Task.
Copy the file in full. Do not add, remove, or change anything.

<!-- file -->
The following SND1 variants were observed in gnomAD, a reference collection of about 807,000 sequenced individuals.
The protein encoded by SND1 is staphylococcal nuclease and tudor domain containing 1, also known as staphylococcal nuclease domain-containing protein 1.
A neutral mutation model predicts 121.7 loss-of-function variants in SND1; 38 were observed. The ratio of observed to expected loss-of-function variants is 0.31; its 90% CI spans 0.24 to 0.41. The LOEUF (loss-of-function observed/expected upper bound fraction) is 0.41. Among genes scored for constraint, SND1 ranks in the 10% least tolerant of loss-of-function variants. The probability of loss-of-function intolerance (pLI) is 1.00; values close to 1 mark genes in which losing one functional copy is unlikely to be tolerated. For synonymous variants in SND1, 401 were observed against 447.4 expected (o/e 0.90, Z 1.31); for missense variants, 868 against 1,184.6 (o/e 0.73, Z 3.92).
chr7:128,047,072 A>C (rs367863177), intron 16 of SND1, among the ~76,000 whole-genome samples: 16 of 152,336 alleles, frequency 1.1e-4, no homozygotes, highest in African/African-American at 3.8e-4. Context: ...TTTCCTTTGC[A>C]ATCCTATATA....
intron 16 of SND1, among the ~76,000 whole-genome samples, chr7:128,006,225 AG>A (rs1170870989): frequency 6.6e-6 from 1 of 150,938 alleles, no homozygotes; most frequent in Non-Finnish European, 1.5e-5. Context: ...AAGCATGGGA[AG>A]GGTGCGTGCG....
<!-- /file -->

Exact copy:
The following SND1 variants were observed in gnomAD, a reference collection of about 807,000 sequenced individuals.
The protein encoded by SND1 is staphylococcal nuclease and tudor domain containing 1, also known as staphylococcal nuclease domain-containing protein 1.
A neutral mutation model predicts 121.7 loss-of-function variants in SND1; 38 were observed. The ratio of observed to expected loss-of-function variants is 0.31; its 90% CI spans 0.24 to 0.41. The LOEUF (loss-of-function observed/expected upper bound fraction) is 0.41. Among genes scored for constraint, SND1 ranks in the 10% least tolerant of loss-of-function variants. The probability of loss-of-function intolerance (pLI) is 1.00; values close to 1 mark genes in which losing one functional copy is unlikely to be tolerated. For synonymous variants in SND1, 401 were observed against 447.4 expected (o/e 0.90, Z 1.31); for missense variants, 868 against 1,184.6 (o/e 0.73, Z 3.92).
chr7:128,047,072 A>C (rs367863177), intron 16 of SND1, among the ~76,000 whole-genome samples: 16 of 152,336 alleles, frequency 1.1e-4, no homozygotes, highest in African/African-American at 3.8e-4. Context: ...TTTCCTTTGC[A>C]ATCCTATATA....
intron 16 of SND1, among the ~76,000 whole-genome samples, chr7:128,006,225 AG>A (rs1170870989): frequency 6.6e-6 from 1 of 150,938 alleles, no homozygotes; most frequent in Non-Finnish European, 1.5e-5. Context: ...AAGCATGGGA[AG>A]GGTGCGTGCG....